Week In Review: Horse Versus Man in Classic?

By Bill Finley

Gun Runner (Candy Ride {Arg}) has earned the right to be called the best horse in the U.S. and he will come into the GI Breeders’ Cup Classic riding a streak of three straight Grade I wins, all of them impressive ones. Trainer Steve Asmussen and his owners, Winchell Thoroughbreds and Three Chimneys Farm, have no reason to fear any horse. That doesn’t mean they shouldn’t be afraid. Bob Baffert is lying in wait.

Baffert seems uber-focused on winning the Classic again and he has the ammunition to do so. That’s a dangerous combination. We already knew that Baffert had three outstanding candidates for the Classic in Arrogate (Unbridled’s Song), West Coast (Flatter) and Collected (City Zip). It looked like Cupid (Tapit) would be the fourth bullet in his chamber, but that may no longer be the case. He ran fourth in Saturday’s GI Awesome Again S. at Santa Anita. But just as one Baffert- trained horse might have exited the door when it comes to the Classic, another one smashed the door down.

Mubtaahij (Ire) (Dubawi {Ire}) had been one of those good horses who was never quite good enough. Coming into the Awesome Again, he had lost 10 straight and had not visited the winner’s circle since the March 28, 2015 G2 UAE Derby. Yet, the 5-year-old is good enough to have won the UAE Derby and finish second in the GI Woodward and the G1 Dubai World Cup.

Mubtaahij is not a horse without talent. Prior to the Awesome Again, he had been trained by Kiaran McLaughlin and Mike de Kock, two of the best horsemen in the world. But this is Baffert’s year. He has the mojo and it seems that every older male horse in his barn has been sprinkled with some sort of magic dust.

Is Mubtaahij good enough to win the Classic? Maybe. Maybe not. But that’s not the point. The question is whether or not a trainer who has won three straight Breeders’ Cup Classics, is in the midst of a sensational run and will possibly saddle the second, third, fourth and fifth choices in the Classic, can be stopped? By Gun Runner? By anyone?

Should Baffert win the Classic for the fourth straight time, it would go down as one of the great training feats in racing history. There appears to be only one thing standing in his way–Gun Runner.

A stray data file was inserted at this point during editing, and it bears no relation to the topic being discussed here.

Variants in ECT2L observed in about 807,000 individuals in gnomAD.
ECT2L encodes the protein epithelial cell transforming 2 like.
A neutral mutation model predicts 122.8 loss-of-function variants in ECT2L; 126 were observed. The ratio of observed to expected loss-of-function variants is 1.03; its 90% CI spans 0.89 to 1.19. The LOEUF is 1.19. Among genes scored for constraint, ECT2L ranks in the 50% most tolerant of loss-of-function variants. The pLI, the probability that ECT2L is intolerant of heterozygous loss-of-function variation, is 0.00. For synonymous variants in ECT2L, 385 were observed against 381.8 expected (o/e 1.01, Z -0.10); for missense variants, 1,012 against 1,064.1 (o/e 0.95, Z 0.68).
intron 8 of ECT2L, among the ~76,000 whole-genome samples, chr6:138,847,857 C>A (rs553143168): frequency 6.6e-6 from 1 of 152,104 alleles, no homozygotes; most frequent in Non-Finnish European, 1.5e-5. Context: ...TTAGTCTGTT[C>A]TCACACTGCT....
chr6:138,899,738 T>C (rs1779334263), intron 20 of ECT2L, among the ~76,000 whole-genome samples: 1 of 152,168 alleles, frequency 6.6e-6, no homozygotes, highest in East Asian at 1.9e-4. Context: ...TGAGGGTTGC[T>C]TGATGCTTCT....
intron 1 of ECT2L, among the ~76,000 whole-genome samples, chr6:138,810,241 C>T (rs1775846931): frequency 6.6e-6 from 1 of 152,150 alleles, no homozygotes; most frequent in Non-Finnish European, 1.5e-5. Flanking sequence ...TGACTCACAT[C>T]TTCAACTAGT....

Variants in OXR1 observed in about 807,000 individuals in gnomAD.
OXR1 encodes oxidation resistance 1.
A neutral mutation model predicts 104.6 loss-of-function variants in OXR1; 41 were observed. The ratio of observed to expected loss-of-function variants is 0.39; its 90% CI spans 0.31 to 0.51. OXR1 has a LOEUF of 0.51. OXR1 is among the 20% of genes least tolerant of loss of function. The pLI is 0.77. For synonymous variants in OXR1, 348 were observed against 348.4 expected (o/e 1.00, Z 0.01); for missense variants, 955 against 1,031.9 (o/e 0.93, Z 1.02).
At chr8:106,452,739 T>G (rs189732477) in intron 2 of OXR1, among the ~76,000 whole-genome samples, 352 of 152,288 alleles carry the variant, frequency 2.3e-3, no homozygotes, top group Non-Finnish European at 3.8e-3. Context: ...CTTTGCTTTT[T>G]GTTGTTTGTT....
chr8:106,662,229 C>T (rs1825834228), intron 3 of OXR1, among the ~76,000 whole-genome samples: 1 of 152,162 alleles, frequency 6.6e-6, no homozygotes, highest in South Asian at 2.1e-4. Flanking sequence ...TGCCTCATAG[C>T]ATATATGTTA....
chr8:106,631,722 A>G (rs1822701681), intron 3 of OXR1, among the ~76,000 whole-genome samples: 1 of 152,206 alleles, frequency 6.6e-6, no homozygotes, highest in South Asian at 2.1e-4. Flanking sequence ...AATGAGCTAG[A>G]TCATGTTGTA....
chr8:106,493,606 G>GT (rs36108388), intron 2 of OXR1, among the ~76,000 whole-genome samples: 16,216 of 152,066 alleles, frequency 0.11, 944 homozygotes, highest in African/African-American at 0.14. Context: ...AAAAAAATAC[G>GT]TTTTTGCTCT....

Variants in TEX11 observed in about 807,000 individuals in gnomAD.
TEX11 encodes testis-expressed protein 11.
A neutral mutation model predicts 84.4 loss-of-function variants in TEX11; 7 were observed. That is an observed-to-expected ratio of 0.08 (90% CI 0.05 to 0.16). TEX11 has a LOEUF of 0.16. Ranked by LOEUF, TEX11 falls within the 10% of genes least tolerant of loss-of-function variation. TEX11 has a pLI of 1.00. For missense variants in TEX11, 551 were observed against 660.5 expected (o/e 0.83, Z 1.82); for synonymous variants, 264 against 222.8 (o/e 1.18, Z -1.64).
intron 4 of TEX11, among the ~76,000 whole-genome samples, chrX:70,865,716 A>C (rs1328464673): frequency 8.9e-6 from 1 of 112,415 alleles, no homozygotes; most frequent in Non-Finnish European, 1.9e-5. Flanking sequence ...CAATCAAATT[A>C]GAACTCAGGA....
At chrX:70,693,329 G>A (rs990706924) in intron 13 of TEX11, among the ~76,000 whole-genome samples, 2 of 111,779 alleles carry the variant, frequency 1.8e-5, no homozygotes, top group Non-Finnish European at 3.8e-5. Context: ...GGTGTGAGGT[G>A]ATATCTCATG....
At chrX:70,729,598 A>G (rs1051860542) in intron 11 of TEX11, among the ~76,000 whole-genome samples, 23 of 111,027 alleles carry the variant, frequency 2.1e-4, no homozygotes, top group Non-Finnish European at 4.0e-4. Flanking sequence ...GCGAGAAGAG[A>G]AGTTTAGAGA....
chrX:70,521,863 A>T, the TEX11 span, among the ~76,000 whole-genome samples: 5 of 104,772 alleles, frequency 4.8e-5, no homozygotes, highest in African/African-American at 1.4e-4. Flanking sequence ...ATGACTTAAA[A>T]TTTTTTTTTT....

Let the showdown begin.

Phil Serpe Takes a Stand

Talking to the Daily Racing Form‘s David Grening, Phil Serpe issued some of most explosive quotes you will ever see uttered by a trainer, a group that collectively shies away from saying anything controversial. The subject was El Deal (Munnings), the GI Vosburgh S. and trainer Jorge Navarro. Serpe was reluctant to run against Navarro’s horse.

Here’s what he had to say: “Allowing Navarro to run is a slap in the face to the honest guys,” Serpe told the DRF. “They say there’s a level playing field; it’s not a level playing field. There are guys that cheat here and something needs to be done about it. I don’t think they should let that guy participate here. If [management] wants to make a stand or a level playing field, then they need to make a stand.”

Serpe relented and ran Weekend Hideaway (Speightstown) in the Vosburgh. He finished fifth. El Deal was second, beaten by Takaful (Bernardini).

Serpe is an honest, hard-working trainer who doesn’t win a ton of races and is probably very fed up with what he views as an unfair playing field. It’s a shame more of the honest guys don’t speak up.

Michael Dickinson, King of the Quick Turnaround

In his first go-round as a U.S.-based trainer, Michael Dickinson had a reputation of never seeing a horse he couldn’t see fit to lay off for two years. Dickinson’s ability to win with horses off long layoffs was remarkable, but, at the same time, it probably did not help his career. Patience is one thing, but no owner wants to see his horse run three times over two years.